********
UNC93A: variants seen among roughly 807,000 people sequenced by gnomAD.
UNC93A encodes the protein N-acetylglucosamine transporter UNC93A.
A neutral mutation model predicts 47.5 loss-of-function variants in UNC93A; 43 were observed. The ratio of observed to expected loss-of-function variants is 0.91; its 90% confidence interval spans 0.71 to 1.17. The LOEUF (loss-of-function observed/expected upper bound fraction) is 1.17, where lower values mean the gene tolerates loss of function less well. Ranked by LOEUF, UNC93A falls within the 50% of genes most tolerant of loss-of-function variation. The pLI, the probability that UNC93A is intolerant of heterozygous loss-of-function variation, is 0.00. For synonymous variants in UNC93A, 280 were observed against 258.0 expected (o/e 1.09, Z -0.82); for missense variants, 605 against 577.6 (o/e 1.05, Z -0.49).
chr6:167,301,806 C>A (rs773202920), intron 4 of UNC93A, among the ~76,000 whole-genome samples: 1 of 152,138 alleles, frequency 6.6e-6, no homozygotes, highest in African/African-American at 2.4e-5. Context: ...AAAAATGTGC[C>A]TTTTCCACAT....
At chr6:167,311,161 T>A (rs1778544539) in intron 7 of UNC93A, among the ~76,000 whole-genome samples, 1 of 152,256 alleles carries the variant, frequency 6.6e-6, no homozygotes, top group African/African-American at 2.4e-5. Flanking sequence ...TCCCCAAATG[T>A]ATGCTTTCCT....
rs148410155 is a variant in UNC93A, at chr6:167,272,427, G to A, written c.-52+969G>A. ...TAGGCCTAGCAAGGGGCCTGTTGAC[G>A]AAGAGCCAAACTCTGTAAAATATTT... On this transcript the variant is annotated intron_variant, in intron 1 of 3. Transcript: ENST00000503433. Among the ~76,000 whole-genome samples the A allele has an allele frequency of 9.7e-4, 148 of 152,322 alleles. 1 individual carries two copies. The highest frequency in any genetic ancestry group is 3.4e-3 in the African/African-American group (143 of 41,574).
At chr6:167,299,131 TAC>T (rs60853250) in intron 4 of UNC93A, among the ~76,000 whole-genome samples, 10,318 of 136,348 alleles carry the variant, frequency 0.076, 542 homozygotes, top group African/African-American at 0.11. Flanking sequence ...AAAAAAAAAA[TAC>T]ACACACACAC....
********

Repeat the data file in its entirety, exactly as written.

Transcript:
UNC93A: variants seen among roughly 807,000 people sequenced by gnomAD.
UNC93A encodes the protein N-acetylglucosamine transporter UNC93A.
A neutral mutation model predicts 47.5 loss-of-function variants in UNC93A; 43 were observed. The ratio of observed to expected loss-of-function variants is 0.91; its 90% confidence interval spans 0.71 to 1.17. The LOEUF (loss-of-function observed/expected upper bound fraction) is 1.17, where lower values mean the gene tolerates loss of function less well. Ranked by LOEUF, UNC93A falls within the 50% of genes most tolerant of loss-of-function variation. The pLI, the probability that UNC93A is intolerant of heterozygous loss-of-function variation, is 0.00. For synonymous variants in UNC93A, 280 were observed against 258.0 expected (o/e 1.09, Z -0.82); for missense variants, 605 against 577.6 (o/e 1.05, Z -0.49).
chr6:167,301,806 C>A (rs773202920), intron 4 of UNC93A, among the ~76,000 whole-genome samples: 1 of 152,138 alleles, frequency 6.6e-6, no homozygotes, highest in African/African-American at 2.4e-5. Context: ...AAAAATGTGC[C>A]TTTTCCACAT....
At chr6:167,311,161 T>A (rs1778544539) in intron 7 of UNC93A, among the ~76,000 whole-genome samples, 1 of 152,256 alleles carries the variant, frequency 6.6e-6, no homozygotes, top group African/African-American at 2.4e-5. Flanking sequence ...TCCCCAAATG[T>A]ATGCTTTCCT....
rs148410155 is a variant in UNC93A, at chr6:167,272,427, G to A, written c.-52+969G>A. ...TAGGCCTAGCAAGGGGCCTGTTGAC[G>A]AAGAGCCAAACTCTGTAAAATATTT... On this transcript the variant is annotated intron_variant, in intron 1 of 3. Transcript: ENST00000503433. Among the ~76,000 whole-genome samples the A allele has an allele frequency of 9.7e-4, 148 of 152,322 alleles. 1 individual carries two copies. The highest frequency in any genetic ancestry group is 3.4e-3 in the African/African-American group (143 of 41,574).
At chr6:167,299,131 TAC>T (rs60853250) in intron 4 of UNC93A, among the ~76,000 whole-genome samples, 10,318 of 136,348 alleles carry the variant, frequency 0.076, 542 homozygotes, top group African/African-American at 0.11. Flanking sequence ...AAAAAAAAAA[TAC>T]ACACACACAC....